>    SYSTEMTAP_PROBE_N(name,arg1) // arg1 castable to int64_t numeric
>    SYSTEMTAP_PROBE_NS(name,arg1,arg2) // arg2 castable to char* string
>

It seems to somehow limit the variations of parameters that can be passed as
argument : one could need a particular macro for a (int64_t,void*,int32_t,byte).
We can imagine thousands of variations. Or maybe the goal is just to allow a
small subset of types ?

> The name should be unique within the function.  As you see, arguments
> can be passed, encoding the type/arity into the macro name.  Possibly
> some super clever typeof() conditionals can make that implicit.

The problem with the precompiler is that it's not very "variable argument list"
friendly. It only passes it as __VA_ARGS__ to another function call, but doesn't
play with them.

A solution for using typeof() here would be to do something that looks like
system calls :

SYSTEMTAP_PROBE(name)
SYSTEMTAP_PROBE1(name,arg1)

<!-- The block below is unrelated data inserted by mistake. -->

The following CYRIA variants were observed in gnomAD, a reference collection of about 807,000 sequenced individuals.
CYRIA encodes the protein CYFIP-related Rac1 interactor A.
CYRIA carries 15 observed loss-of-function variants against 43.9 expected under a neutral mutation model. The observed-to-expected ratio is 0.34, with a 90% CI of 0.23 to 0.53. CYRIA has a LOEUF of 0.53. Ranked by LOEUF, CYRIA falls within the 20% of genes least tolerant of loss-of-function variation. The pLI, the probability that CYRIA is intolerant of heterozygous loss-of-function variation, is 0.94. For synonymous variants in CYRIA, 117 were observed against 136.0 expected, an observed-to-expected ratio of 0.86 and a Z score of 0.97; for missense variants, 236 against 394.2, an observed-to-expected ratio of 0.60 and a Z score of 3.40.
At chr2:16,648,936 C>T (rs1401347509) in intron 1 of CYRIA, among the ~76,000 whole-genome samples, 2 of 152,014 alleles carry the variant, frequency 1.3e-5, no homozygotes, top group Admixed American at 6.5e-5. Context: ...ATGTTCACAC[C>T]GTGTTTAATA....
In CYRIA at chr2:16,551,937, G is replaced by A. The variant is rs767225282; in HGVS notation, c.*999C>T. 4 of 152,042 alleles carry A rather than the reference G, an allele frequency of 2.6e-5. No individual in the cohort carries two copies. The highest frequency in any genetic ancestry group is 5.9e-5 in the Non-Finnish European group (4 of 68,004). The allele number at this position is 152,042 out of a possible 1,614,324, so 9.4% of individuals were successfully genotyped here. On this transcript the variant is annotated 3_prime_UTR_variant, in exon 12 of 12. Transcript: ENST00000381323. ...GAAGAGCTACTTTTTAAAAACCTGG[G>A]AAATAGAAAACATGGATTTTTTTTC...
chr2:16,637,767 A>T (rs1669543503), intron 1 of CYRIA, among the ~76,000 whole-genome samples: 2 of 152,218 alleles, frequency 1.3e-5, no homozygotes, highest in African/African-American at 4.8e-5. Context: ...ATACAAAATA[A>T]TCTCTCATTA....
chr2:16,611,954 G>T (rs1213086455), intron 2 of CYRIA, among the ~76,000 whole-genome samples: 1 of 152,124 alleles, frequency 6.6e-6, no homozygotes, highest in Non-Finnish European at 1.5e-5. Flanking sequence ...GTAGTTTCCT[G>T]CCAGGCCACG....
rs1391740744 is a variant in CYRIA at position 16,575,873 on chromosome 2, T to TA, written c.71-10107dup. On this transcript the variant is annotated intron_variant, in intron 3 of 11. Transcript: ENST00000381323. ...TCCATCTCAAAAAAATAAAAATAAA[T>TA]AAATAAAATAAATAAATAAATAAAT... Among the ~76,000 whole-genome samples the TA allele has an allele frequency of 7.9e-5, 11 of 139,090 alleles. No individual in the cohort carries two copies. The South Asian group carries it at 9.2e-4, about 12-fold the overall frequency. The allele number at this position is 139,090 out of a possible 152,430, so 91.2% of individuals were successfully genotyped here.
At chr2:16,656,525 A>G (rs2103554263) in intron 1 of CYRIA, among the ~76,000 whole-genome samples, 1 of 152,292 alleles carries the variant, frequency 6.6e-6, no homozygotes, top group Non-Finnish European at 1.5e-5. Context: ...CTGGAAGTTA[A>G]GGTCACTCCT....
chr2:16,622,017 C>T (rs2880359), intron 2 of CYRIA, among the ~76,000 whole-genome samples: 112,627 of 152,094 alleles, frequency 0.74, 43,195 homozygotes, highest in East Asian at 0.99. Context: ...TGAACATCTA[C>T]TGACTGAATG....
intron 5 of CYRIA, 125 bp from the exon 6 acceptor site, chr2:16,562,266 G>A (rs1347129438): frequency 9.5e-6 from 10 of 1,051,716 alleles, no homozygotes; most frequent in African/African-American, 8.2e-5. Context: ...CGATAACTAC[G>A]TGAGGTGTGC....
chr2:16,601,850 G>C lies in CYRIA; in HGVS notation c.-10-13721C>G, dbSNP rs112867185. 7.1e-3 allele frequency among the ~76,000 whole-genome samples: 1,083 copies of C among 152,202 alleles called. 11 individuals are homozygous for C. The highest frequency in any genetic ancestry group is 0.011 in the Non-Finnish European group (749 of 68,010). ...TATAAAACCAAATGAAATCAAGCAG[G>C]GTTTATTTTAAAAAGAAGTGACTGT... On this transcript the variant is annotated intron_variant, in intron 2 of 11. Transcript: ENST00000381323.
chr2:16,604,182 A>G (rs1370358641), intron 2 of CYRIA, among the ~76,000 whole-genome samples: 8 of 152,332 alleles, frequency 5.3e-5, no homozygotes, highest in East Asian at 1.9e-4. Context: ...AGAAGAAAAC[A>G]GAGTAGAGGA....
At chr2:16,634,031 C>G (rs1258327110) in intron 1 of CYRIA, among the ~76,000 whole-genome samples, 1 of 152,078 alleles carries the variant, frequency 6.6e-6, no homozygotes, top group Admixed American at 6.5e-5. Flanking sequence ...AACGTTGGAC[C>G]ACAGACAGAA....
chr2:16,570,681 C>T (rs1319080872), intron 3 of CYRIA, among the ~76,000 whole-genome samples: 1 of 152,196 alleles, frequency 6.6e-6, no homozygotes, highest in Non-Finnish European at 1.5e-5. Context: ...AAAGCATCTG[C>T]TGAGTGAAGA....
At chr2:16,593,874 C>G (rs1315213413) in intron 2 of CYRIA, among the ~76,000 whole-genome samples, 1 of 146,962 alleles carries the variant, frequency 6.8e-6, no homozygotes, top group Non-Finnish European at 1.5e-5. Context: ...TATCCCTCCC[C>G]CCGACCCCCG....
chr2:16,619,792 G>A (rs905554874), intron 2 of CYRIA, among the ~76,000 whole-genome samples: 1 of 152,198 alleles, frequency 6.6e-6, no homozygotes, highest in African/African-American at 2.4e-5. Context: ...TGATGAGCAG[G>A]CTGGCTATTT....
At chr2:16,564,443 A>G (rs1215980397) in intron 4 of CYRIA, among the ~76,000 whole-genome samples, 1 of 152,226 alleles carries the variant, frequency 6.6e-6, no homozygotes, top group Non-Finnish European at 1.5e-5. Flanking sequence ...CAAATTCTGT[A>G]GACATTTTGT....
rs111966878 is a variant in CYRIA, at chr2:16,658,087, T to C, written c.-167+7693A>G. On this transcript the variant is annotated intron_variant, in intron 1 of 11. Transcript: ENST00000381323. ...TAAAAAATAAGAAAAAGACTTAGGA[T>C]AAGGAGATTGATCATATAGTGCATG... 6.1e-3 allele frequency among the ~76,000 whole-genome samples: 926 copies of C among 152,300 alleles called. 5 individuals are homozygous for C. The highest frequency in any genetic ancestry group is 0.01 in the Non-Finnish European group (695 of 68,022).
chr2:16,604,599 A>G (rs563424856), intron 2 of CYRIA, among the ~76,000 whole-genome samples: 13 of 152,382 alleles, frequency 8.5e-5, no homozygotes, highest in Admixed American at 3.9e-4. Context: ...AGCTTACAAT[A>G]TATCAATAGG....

SYSTEMTAP_PROBE2(name,arg1,arg2)
SYSTEMTAP_PROBE3(name,arg1,arg2,arg3)  and so on..

But I'm afraid I can't figure out how to make this work with typeof().


> What these macros would expand to is the following.  We'd generate a
> menu of these for reasonable arities/type combinations and shove them
> into a kernel header.
>
> #define SYSTEMTAP_PROBE(name) \
>    do { \
>        static void (*__systemtap_probe_##name)(); \
>        if (unlikely(__systemtap_probe_##name)) \
>            (__systemtap_probe_##name) ();  \
>       } while (0)
> #define SYSTEMTAP_PROBE_NS(name,arg1,arg2) \
>    do { \
>        static void (*__systemtap_probe_ns_##name)(int64_t, const char*); \
>        if (unlikely(__systemtap_probe_ns_##name)) \
>            (__systemtap_probe_ns_##name) ((int64_t)(arg1), \
>                                           (const char *)(arg2));  \
>       } while (0)
>
> As you see, the gist of it is a conditional call through a function
> pointer, where the pointer is in a static variable.  Its name is
> stylized: it encodes the probe name, and its parameter arity/type
> signature.  (It might need some annotations to make sure the compiler
> doesn't elide it, so that it has a convenient alignment, etc.)
>

The problem with the if() { call } scheme comes when you want to deactivate the
probe. Upon activation, writing the function pointer will be ok for the threads